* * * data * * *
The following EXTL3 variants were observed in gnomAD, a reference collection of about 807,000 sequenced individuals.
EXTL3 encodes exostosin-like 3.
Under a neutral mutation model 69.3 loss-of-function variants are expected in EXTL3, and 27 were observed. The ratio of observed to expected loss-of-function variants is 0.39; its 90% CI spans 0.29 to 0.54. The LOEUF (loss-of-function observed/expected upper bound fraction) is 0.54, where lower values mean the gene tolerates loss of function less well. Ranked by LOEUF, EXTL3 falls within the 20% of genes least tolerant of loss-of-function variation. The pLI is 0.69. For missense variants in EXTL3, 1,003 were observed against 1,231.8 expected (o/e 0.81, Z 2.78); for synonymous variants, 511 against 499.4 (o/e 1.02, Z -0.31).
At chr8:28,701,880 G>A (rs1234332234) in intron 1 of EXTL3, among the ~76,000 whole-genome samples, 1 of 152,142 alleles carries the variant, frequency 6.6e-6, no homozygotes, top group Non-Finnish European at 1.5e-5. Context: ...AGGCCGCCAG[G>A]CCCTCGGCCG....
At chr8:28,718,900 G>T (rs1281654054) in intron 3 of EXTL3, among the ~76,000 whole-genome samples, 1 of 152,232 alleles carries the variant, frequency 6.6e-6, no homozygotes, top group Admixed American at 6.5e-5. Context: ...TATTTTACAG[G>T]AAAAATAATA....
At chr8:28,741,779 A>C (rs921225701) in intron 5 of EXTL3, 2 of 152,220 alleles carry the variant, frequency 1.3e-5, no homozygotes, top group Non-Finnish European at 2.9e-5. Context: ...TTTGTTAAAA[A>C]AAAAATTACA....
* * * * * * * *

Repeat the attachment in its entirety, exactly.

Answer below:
The following EXTL3 variants were observed in gnomAD, a reference collection of about 807,000 sequenced individuals.
EXTL3 encodes exostosin-like 3.
Under a neutral mutation model 69.3 loss-of-function variants are expected in EXTL3, and 27 were observed. The ratio of observed to expected loss-of-function variants is 0.39; its 90% CI spans 0.29 to 0.54. The LOEUF (loss-of-function observed/expected upper bound fraction) is 0.54, where lower values mean the gene tolerates loss of function less well. Ranked by LOEUF, EXTL3 falls within the 20% of genes least tolerant of loss-of-function variation. The pLI is 0.69. For missense variants in EXTL3, 1,003 were observed against 1,231.8 expected (o/e 0.81, Z 2.78); for synonymous variants, 511 against 499.4 (o/e 1.02, Z -0.31).
At chr8:28,701,880 G>A (rs1234332234) in intron 1 of EXTL3, among the ~76,000 whole-genome samples, 1 of 152,142 alleles carries the variant, frequency 6.6e-6, no homozygotes, top group Non-Finnish European at 1.5e-5. Context: ...AGGCCGCCAG[G>A]CCCTCGGCCG....
At chr8:28,718,900 G>T (rs1281654054) in intron 3 of EXTL3, among the ~76,000 whole-genome samples, 1 of 152,232 alleles carries the variant, frequency 6.6e-6, no homozygotes, top group Admixed American at 6.5e-5. Context: ...TATTTTACAG[G>T]AAAAATAATA....
At chr8:28,741,779 A>C (rs921225701) in intron 5 of EXTL3, 2 of 152,220 alleles carry the variant, frequency 1.3e-5, no homozygotes, top group Non-Finnish European at 2.9e-5. Context: ...TTTGTTAAAA[A>C]AAAAATTACA....